Sarah gingerly lay down on the bed, staring at the box which was easily within arm’s reach. Trying to put it out of her mind, she closed her eyes but the image of the box seemed to burn its way through her closed lids. A few minutes went by before she finally gave up. It was no use. The box was like the proverbial elephant in the room. Opening her eyes, she stared at it with misgiving. Getting up off the bed, she tried putting some distance between her and the box but it was as though a will stronger than her own was pulling her towards it. Unable to resist its allure any longer, she finally picked it up. It felt solid. Turning it sideways, she felt the contents shift inside the box. The back of her head began to thump, a sure sign that she was getting one of her headaches. It’s from the stress of not knowing, she reasoned silently. Maybe if I have a quick peek inside, it’ll put my fears to rest.

Making up her mind, Sarah put the box back on the bed; this time with the bottom facing up. She removed one of the bobby pins from her hair and used it to cut away the tape holding the flaps of the box together. There was nothing special about the way the box was taped and they could easily buy some packing tape a little later, resealing the bottom before delivering it to its destination and no one would be the wiser. When she had cut the entire length of the tape, Sarah carefully lifted apart the two outer flaps, followed by the inside flaps, revealing what looked like a piece of white plastic lining the bottom of the box. The thumping in her head was turning into an insistent ache and her throat felt tight but she soldiered on, intent on revealing the contents of the box.

Gingerly pulling aside the plastic, Sarah could only gape in horror. The spaces between the neat rows of creamers were filled with…coffee grinds. Horrified, she immediately jumped away from the box but the damage was instantaneous. Coffee was her kryptonite and although she hadn’t touched it, she had had direct exposure to it. Her heart began to race and her breathing came in short violent spurts, as if she had just competed in an Olympic sprint. Her head throbbed, ready to explode, as her eyes frantically scanned the room for her purse. It was on the chair a few feet away but when Sarah tried to get to it, she collapsed as she felt the full onset of anaphylactic shock. She knew that in a few more minutes, she’d be dead unless she got to her epinephrine injector so she could give herself a shot. Painstakingly, she crawled towards the chair, fighting the darkness enveloping her, her sight also impaired by the sweat dripping from her forehead into her eyes. Somehow, Sarah managed to crawl close enough to the chair so she could reach up and grab onto it, only to have it and her purse both topple on top of her; a painful impact she barely felt. Hyperventilating, she blindly upturned her purse, groping frantically for the one thing that could save her life – but it was nowhere to be found. With her heart feeling like it would explode, Sarah numbly remembered the near-collision in the cab. Her purse and its contents had gone flying. With her last agonizing breath, she realized that her only lifeline was still probably somewhere on the floor on the cab…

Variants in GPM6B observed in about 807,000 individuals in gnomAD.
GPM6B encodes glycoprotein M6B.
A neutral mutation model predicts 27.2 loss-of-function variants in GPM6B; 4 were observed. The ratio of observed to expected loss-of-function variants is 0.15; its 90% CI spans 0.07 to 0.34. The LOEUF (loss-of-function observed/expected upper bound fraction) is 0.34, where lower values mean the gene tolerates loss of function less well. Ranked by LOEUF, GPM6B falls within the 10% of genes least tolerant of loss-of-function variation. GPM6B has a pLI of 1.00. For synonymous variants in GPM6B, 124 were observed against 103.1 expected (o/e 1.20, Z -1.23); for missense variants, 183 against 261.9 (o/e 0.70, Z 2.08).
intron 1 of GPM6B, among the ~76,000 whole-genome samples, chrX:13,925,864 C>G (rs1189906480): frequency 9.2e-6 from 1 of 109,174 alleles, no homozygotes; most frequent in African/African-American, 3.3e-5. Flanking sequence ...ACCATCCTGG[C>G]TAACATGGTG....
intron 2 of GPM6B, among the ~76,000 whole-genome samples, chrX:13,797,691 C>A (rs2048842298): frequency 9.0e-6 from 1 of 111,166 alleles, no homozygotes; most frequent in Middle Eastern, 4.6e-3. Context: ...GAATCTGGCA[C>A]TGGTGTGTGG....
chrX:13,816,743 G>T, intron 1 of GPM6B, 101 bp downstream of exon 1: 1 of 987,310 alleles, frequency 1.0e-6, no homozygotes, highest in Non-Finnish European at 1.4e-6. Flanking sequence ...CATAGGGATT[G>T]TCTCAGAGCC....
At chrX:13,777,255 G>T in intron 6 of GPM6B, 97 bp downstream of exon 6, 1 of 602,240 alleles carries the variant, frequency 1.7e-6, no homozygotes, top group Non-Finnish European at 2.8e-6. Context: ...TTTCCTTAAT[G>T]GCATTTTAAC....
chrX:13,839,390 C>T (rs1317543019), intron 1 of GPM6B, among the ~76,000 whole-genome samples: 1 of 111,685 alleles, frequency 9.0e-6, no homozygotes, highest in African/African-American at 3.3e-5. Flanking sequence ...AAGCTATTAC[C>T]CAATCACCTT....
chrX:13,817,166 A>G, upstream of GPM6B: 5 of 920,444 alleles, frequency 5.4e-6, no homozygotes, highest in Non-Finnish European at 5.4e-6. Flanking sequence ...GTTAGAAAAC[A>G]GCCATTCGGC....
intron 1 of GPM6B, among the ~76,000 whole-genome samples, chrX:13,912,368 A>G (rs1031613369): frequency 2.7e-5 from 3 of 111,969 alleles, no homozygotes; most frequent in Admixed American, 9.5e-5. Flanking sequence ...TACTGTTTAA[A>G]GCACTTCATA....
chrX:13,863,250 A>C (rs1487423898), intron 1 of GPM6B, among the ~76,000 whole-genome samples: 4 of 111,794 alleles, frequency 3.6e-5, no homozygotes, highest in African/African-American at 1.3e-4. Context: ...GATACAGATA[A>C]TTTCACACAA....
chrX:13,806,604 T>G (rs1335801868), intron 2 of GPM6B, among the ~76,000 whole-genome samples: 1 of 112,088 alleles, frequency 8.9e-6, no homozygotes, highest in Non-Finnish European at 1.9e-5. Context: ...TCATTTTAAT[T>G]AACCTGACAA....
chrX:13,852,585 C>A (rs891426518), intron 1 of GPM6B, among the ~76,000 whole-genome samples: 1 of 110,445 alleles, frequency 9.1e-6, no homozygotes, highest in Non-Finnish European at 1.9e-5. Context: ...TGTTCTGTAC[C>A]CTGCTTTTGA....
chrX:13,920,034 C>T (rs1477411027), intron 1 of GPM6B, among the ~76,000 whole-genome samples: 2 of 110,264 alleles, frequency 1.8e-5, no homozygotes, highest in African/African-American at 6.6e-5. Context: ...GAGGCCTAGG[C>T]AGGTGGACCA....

* * *

Daniel hurried back to the room, anxious to collect Sarah and be on their way. Their ordeal was far from over and he was eager to put it behind them so he and Sarah could finally get on with their lives together as man and wife. Opening the door of their room, his eyes immediately took in the overturned chair and the opened box before moving to the scattered contents of Sarah’s purse, stopping abruptly at the sight of her hand closed over it.

“Sarah!” He rushed into the room and threw himself onto the carpet beside her. Daniel’s eyes took in her mottled color as he frantically tried to find her pulse before crawling around on the carpet, searching for Sarah’s injector. When he couldn’t find it, Daniel rushed out of their room with tears streaming down his cheeks. He pounded on the door of the room next to theirs and when no one answered, he rushed back to the office.

The man at the desk was still reading his paper. “Is there a problem?” he asked, looking up.

“My wife,” Daniel managed in between sobs. “She’s collapsed. Please – you must call an ambulance!”

The man had his full attention now. “I’m afraid I can’t do that.”

“But you don’t understand,” Daniel insisted. “She’s collapsed—” He turned and made for the door, anxious to return to Sarah.

Daniel didn’t see the gun the man withdrew from his desk or hear the single shot until it was too late. He crumpled to the floor just inside the office door.

The motel clerk picked up the phone and dialed the same number Daniel had dialed only a few minutes earlier. It was answered on the first ring. “I think we got ourselves a situation down here.”

MartaProfilePicMarta Tandori

By the time Marta Tandori reached fifth grade, she was an avid reader and writer with a stack of short stories collecting dust in a box under her bed but it wasn’t until she began studying acting in her early twenties at the prestigious American Academy of Dramatic Arts in New York that Marta realized acting wasn’t really her passion – writing fiction was. What followed was years of writing workshops as well as correspondence courses in writing for children through the Institute of Children’s Literature in Connecticut. She credits the award winning author, Troon Harrison, as the instructor who helped her find her literary voice. Marta’s first work of juvenile fiction, BEING SAM, NO MATTER WHAT was published in 2005, followed by EVERY WHICH WAY BUT KUKU! in 2006. With her more recent endeavors, Marta has shifted her writing focus to “women’s suspense”, a genre she fondly describes as having “strong female protagonists with closets full of nasty skeletons and the odd murder or two to complicate their already complicated lives”. To learn more about Marta, visit her website at